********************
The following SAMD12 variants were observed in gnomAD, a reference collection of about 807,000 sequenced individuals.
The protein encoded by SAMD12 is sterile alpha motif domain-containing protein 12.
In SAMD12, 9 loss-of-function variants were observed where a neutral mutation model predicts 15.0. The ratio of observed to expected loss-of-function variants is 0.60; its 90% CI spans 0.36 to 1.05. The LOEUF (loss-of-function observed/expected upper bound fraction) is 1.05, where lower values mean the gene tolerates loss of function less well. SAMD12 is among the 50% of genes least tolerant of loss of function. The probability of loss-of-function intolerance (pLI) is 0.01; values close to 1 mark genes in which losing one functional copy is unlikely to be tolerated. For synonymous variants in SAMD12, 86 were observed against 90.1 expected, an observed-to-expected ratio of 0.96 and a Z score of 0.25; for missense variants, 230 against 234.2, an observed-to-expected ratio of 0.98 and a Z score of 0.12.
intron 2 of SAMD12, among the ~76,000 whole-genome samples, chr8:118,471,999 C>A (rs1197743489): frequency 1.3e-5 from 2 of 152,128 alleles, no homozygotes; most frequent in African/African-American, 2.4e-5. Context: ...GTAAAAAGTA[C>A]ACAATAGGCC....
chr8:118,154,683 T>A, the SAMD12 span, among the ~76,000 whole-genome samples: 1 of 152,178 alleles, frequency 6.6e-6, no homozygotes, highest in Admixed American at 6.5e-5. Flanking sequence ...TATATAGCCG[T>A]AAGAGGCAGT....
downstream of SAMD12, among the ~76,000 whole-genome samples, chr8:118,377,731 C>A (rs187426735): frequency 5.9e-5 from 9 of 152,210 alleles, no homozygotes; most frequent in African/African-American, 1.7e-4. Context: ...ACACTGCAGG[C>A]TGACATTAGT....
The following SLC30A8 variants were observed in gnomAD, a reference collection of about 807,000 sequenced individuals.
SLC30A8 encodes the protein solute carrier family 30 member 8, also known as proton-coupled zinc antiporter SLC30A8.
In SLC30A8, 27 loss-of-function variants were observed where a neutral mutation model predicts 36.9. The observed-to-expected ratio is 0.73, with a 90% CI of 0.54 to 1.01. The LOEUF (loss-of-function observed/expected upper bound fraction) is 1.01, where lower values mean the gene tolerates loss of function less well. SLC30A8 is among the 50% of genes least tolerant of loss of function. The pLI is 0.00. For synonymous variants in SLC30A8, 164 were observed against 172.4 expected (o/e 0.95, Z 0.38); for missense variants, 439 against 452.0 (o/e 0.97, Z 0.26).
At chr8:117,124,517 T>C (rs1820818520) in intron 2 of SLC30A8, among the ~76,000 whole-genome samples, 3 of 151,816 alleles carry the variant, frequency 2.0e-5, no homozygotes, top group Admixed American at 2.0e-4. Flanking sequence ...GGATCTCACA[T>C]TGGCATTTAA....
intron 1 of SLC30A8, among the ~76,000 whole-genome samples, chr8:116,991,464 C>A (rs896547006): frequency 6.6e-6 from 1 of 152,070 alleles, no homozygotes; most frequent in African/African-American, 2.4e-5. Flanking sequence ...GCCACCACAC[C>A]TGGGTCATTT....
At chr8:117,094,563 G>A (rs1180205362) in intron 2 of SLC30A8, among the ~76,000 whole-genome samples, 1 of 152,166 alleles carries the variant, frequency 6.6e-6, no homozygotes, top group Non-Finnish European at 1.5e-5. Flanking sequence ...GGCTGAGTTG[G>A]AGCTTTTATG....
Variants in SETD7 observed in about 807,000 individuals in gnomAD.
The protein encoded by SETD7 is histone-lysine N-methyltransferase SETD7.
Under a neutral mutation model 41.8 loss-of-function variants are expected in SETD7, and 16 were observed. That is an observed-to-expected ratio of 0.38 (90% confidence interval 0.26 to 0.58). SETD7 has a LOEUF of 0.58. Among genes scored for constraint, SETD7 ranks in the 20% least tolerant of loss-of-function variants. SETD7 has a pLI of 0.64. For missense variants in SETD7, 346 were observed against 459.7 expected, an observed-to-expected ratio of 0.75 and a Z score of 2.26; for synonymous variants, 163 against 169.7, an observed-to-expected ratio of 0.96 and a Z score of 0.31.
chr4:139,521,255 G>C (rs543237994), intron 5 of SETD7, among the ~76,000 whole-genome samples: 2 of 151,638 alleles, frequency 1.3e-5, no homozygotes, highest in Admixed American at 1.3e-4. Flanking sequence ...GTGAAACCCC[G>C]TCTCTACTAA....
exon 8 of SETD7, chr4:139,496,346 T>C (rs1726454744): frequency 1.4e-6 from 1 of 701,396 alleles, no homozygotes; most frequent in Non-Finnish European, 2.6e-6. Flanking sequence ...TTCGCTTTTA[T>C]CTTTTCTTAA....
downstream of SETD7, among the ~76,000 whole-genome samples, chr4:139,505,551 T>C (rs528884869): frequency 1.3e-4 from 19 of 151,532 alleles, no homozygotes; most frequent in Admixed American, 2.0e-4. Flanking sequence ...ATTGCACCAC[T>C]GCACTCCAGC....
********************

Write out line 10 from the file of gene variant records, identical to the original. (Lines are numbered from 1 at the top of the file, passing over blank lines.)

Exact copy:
At chr8:117,124,517 T>C (rs1820818520) in intron 2 of SLC30A8, among the ~76,000 whole-genome samples, 3 of 151,816 alleles carry the variant, frequency 2.0e-5, no homozygotes, top group Admixed American at 2.0e-4. Flanking sequence ...GGATCTCACA[T>C]TGGCATTTAA....